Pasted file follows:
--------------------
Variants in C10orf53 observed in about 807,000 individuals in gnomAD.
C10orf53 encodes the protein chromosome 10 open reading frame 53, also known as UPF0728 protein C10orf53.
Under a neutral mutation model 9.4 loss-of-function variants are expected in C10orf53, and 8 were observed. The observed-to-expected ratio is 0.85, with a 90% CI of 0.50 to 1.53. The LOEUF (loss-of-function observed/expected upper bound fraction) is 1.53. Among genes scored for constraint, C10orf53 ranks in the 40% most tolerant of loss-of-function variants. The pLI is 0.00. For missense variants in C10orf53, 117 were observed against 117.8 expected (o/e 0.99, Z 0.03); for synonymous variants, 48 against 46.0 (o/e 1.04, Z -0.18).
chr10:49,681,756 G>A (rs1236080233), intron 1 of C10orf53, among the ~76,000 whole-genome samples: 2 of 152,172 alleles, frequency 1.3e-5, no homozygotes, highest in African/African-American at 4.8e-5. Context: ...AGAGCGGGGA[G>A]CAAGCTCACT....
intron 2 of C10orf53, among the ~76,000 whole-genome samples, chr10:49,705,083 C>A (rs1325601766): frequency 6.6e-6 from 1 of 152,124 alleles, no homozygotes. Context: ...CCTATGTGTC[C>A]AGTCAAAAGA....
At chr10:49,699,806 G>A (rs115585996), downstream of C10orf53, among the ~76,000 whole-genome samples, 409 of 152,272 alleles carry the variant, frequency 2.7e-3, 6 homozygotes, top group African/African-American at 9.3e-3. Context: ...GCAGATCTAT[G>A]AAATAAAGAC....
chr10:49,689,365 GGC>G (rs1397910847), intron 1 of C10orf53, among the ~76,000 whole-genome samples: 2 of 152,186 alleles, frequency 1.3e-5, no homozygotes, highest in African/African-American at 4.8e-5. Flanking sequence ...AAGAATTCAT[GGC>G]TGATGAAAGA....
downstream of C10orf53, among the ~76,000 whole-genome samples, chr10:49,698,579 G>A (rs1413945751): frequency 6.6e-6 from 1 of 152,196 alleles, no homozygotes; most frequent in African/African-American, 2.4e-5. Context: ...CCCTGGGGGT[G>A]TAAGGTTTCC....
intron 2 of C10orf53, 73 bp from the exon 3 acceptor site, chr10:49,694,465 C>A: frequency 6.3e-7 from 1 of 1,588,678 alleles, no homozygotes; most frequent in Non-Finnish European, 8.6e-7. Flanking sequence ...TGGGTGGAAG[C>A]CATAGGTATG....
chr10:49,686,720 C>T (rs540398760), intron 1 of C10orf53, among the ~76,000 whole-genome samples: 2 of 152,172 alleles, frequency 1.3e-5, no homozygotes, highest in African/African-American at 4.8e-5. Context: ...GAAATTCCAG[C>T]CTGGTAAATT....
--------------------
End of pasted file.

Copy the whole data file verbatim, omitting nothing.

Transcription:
Variants in C10orf53 observed in about 807,000 individuals in gnomAD.
C10orf53 encodes the protein chromosome 10 open reading frame 53, also known as UPF0728 protein C10orf53.
Under a neutral mutation model 9.4 loss-of-function variants are expected in C10orf53, and 8 were observed. The observed-to-expected ratio is 0.85, with a 90% CI of 0.50 to 1.53. The LOEUF (loss-of-function observed/expected upper bound fraction) is 1.53. Among genes scored for constraint, C10orf53 ranks in the 40% most tolerant of loss-of-function variants. The pLI is 0.00. For missense variants in C10orf53, 117 were observed against 117.8 expected (o/e 0.99, Z 0.03); for synonymous variants, 48 against 46.0 (o/e 1.04, Z -0.18).
chr10:49,681,756 G>A (rs1236080233), intron 1 of C10orf53, among the ~76,000 whole-genome samples: 2 of 152,172 alleles, frequency 1.3e-5, no homozygotes, highest in African/African-American at 4.8e-5. Context: ...AGAGCGGGGA[G>A]CAAGCTCACT....
intron 2 of C10orf53, among the ~76,000 whole-genome samples, chr10:49,705,083 C>A (rs1325601766): frequency 6.6e-6 from 1 of 152,124 alleles, no homozygotes. Context: ...CCTATGTGTC[C>A]AGTCAAAAGA....
At chr10:49,699,806 G>A (rs115585996), downstream of C10orf53, among the ~76,000 whole-genome samples, 409 of 152,272 alleles carry the variant, frequency 2.7e-3, 6 homozygotes, top group African/African-American at 9.3e-3. Context: ...GCAGATCTAT[G>A]AAATAAAGAC....
chr10:49,689,365 GGC>G (rs1397910847), intron 1 of C10orf53, among the ~76,000 whole-genome samples: 2 of 152,186 alleles, frequency 1.3e-5, no homozygotes, highest in African/African-American at 4.8e-5. Flanking sequence ...AAGAATTCAT[GGC>G]TGATGAAAGA....
downstream of C10orf53, among the ~76,000 whole-genome samples, chr10:49,698,579 G>A (rs1413945751): frequency 6.6e-6 from 1 of 152,196 alleles, no homozygotes; most frequent in African/African-American, 2.4e-5. Context: ...CCCTGGGGGT[G>A]TAAGGTTTCC....
intron 2 of C10orf53, 73 bp from the exon 3 acceptor site, chr10:49,694,465 C>A: frequency 6.3e-7 from 1 of 1,588,678 alleles, no homozygotes; most frequent in Non-Finnish European, 8.6e-7. Flanking sequence ...TGGGTGGAAG[C>A]CATAGGTATG....
chr10:49,686,720 C>T (rs540398760), intron 1 of C10orf53, among the ~76,000 whole-genome samples: 2 of 152,172 alleles, frequency 1.3e-5, no homozygotes, highest in African/African-American at 4.8e-5. Context: ...GAAATTCCAG[C>T]CTGGTAAATT....